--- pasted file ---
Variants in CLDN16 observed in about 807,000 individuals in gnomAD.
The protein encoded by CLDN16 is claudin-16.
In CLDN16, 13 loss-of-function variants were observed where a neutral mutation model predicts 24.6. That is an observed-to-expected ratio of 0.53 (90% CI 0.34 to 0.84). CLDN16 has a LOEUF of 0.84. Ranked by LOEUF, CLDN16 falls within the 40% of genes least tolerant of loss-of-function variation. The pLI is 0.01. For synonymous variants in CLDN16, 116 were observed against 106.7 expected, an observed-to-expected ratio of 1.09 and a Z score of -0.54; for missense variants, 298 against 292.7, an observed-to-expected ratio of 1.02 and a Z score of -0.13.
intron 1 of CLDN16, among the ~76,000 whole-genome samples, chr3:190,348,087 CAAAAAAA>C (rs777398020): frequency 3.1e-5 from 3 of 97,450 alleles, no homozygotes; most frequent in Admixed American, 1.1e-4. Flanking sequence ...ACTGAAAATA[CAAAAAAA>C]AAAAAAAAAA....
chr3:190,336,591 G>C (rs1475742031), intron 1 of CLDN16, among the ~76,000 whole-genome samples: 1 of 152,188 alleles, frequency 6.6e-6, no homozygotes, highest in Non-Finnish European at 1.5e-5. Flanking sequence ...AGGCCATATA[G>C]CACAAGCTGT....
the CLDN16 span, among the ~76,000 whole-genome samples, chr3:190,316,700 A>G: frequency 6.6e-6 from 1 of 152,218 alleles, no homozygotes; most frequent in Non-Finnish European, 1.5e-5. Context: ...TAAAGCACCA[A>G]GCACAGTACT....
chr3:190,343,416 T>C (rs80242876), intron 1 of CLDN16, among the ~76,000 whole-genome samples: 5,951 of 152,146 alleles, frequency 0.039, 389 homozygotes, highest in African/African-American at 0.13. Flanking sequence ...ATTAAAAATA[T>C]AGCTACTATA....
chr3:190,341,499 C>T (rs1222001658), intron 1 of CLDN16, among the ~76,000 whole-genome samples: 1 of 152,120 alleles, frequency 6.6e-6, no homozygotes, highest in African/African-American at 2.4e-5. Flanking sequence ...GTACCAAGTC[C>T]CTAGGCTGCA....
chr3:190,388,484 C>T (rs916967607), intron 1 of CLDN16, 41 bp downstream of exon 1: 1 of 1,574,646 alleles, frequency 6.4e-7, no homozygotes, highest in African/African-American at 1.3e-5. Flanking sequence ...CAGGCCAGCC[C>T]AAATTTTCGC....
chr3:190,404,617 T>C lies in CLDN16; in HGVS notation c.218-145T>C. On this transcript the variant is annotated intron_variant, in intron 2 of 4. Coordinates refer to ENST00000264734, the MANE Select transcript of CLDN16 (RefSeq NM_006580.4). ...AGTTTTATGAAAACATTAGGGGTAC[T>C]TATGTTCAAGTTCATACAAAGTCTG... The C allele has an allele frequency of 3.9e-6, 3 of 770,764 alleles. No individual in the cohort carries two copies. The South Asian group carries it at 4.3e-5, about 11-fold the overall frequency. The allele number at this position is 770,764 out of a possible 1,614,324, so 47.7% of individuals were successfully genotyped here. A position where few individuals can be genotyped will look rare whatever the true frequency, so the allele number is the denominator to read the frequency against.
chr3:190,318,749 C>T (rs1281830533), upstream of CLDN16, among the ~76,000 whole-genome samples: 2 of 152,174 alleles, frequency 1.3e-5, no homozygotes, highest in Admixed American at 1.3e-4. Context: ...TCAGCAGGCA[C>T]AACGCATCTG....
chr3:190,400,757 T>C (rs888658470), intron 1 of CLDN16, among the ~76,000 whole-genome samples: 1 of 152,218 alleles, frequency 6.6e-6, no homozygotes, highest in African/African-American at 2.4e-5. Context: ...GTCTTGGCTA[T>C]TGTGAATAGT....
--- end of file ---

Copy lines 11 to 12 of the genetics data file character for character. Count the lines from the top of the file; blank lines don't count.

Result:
chr3:190,318,749 C>T (rs1281830533), upstream of CLDN16, among the ~76,000 whole-genome samples: 2 of 152,174 alleles, frequency 1.3e-5, no homozygotes, highest in Admixed American at 1.3e-4. Context: ...TCAGCAGGCA[C>T]AACGCATCTG....
chr3:190,400,757 T>C (rs888658470), intron 1 of CLDN16, among the ~76,000 whole-genome samples: 1 of 152,218 alleles, frequency 6.6e-6, no homozygotes, highest in African/African-American at 2.4e-5. Context: ...GTCTTGGCTA[T>C]TGTGAATAGT....